Friday, February 14, 2014

Love Is Like a Stove / Burns You When It’s Hot

I know I already squeaked in one Valentine’s post, just at the edge of midnight, but I want to clarify my stance on love. As my dumb little nostalgia-nerdy sex joke earlier today demonstrated, I don’t like Valentine’s Day. However, I’m not against love — the emotion this holiday strives for but can only produce the cheap, knock-off, CVS version of. And if today can be for anything, I think it should be for earnest representations of love.

Like me, many ’80s children probably know the song “Love Hurts,” as performed by the rock band Nazareth and as featured in an especially persistent Gatorade commercial. I’d honestly not thought of the song as much besides a Gatorade jingle, until yesterday, when Morning Becomes Eclectic interviewed Spike Jonez,  Karen O and Her production designer K.K. Barrett. The three were there to play “The Moon Song,” the Oscar-nominated song from Her, but while in the KCRW studio, they each named their favorite love song. Jonez picked Bob Dylan’s “You’re Gonna Make Me Lonesome When You Go,” While O picked Kitty Lester’s “Love Letters,” noting its beautifully warm melancholy. Only Barrett picked a song I didn’t know, however: a prior version of “Love Hurts,” performed by Emmylou Harris and Gram Parsons.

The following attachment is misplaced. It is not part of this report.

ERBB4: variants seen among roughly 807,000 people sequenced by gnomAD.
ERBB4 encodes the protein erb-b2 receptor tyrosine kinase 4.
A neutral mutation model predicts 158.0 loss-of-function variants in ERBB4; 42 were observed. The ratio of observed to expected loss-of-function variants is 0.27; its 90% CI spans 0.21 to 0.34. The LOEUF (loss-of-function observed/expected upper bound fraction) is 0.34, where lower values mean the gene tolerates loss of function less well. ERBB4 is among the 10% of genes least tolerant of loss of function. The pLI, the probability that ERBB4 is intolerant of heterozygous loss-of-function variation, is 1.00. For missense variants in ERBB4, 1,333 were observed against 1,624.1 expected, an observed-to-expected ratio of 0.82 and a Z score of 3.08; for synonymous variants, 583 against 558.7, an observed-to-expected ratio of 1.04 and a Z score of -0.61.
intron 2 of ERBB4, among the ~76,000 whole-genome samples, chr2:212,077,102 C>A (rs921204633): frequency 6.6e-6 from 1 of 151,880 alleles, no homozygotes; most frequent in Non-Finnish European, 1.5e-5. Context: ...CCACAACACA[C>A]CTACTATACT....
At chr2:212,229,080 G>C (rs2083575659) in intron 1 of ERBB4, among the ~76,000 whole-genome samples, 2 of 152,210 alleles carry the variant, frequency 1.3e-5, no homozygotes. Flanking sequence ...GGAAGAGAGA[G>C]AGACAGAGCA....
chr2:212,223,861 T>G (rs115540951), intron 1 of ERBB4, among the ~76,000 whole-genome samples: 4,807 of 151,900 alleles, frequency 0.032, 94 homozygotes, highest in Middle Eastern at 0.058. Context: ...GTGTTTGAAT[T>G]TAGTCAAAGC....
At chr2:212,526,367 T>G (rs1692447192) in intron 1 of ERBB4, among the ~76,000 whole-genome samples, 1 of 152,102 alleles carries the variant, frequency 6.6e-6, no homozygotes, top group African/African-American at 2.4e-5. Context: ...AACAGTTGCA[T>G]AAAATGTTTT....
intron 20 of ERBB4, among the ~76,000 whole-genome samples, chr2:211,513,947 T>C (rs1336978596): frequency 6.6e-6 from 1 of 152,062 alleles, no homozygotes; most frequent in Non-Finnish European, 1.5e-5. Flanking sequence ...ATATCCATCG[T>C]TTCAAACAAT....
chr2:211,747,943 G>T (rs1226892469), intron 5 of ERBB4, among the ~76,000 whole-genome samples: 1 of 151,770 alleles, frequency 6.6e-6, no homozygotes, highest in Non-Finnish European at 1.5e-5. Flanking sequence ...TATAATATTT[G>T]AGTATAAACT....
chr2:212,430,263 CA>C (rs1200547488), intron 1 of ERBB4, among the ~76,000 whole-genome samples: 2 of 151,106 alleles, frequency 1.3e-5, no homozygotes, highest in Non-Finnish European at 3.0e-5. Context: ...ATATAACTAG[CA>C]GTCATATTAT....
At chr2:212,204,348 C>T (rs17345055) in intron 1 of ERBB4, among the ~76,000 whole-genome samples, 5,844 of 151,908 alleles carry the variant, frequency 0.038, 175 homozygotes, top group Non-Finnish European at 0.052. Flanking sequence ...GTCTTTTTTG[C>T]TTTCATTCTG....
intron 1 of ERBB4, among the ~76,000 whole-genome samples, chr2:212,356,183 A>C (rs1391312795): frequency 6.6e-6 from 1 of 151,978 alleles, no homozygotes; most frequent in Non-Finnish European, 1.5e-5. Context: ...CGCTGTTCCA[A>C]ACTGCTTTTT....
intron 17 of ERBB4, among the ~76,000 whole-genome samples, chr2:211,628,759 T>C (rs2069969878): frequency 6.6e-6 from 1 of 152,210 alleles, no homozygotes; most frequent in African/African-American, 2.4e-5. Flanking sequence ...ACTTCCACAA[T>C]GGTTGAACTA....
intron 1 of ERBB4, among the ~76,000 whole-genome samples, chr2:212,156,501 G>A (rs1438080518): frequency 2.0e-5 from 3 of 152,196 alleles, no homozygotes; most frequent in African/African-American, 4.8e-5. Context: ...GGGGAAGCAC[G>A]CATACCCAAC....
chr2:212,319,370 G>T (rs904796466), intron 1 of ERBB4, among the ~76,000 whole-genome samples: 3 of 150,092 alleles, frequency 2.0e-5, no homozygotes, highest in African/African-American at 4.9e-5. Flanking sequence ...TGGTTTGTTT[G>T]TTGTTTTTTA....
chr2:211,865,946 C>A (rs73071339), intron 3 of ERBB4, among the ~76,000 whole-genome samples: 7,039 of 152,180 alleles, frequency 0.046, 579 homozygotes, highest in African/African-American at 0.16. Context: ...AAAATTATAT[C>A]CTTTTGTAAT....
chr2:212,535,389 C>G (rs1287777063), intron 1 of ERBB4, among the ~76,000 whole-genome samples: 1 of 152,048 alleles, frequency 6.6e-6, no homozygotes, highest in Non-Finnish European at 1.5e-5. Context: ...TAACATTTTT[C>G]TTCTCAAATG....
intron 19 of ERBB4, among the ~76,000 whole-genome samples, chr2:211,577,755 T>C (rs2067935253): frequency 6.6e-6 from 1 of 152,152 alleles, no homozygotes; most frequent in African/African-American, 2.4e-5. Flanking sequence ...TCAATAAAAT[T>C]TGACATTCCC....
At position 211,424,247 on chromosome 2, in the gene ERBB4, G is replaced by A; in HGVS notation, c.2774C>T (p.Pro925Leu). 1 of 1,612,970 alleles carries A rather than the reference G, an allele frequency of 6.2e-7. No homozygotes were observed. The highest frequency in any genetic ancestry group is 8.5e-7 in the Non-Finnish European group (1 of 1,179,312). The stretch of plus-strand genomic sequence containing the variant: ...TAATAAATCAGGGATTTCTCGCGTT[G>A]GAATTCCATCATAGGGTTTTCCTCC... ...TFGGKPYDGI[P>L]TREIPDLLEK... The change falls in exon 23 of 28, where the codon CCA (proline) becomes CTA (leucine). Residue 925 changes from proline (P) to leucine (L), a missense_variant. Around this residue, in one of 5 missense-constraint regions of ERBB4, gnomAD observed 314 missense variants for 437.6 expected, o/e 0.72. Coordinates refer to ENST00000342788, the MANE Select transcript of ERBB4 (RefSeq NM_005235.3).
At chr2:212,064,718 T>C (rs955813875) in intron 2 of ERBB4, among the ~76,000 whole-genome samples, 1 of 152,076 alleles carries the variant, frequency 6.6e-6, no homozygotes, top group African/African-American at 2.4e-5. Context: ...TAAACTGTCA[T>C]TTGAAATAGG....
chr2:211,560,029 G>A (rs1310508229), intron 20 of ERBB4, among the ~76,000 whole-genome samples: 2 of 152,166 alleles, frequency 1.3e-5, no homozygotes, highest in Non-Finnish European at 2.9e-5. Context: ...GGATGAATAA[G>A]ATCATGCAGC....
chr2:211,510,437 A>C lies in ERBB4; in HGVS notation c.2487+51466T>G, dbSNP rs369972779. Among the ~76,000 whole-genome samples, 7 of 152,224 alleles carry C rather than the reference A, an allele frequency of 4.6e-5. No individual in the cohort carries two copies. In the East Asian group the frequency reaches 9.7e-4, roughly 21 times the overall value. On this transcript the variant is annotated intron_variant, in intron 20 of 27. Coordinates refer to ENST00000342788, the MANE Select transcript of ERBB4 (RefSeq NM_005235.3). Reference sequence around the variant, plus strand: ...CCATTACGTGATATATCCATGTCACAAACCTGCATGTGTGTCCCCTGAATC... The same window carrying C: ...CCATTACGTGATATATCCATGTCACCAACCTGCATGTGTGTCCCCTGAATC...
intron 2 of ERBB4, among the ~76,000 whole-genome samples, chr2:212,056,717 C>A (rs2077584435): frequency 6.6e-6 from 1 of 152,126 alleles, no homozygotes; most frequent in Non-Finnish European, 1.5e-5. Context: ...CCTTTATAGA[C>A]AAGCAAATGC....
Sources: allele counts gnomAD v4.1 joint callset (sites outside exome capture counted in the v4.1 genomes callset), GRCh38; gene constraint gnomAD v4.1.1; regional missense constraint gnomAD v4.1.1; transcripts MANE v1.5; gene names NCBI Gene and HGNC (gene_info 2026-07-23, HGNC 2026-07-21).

An analogy:

the way Valentine’s makes me feel : “real love” :: 
Nazareth’s “Love Hurts” : this version

It felt strange for a song that I’d heard so many times and found meaningless to be given a whole new spirit when sung in a quiet, wistful country style — sung like they understand what they’re saying. It moved me, and if you are like me and spending a quiet night in on this February 14, then perhaps it will move you too.

Until this version, I’ve never noticed how much of a Roy Orbison quality the song has. (And yes, he recorded a version as well.) I’ve also noticed one lyrical difference. Whereas Emmylou and Gram sing “Love is like a stove / Burns you when it’s hot,” Nazareth switches it to “Love is like a flame,” I’d guess to avoid having a rock bank singing about an object as quaint and ordinary as a stove. It’s an idiotic substitution, of course, because flames are always hot. That, I guess, is a good example of how the meaning can get drained out things.

Here’s to the back half of this month.

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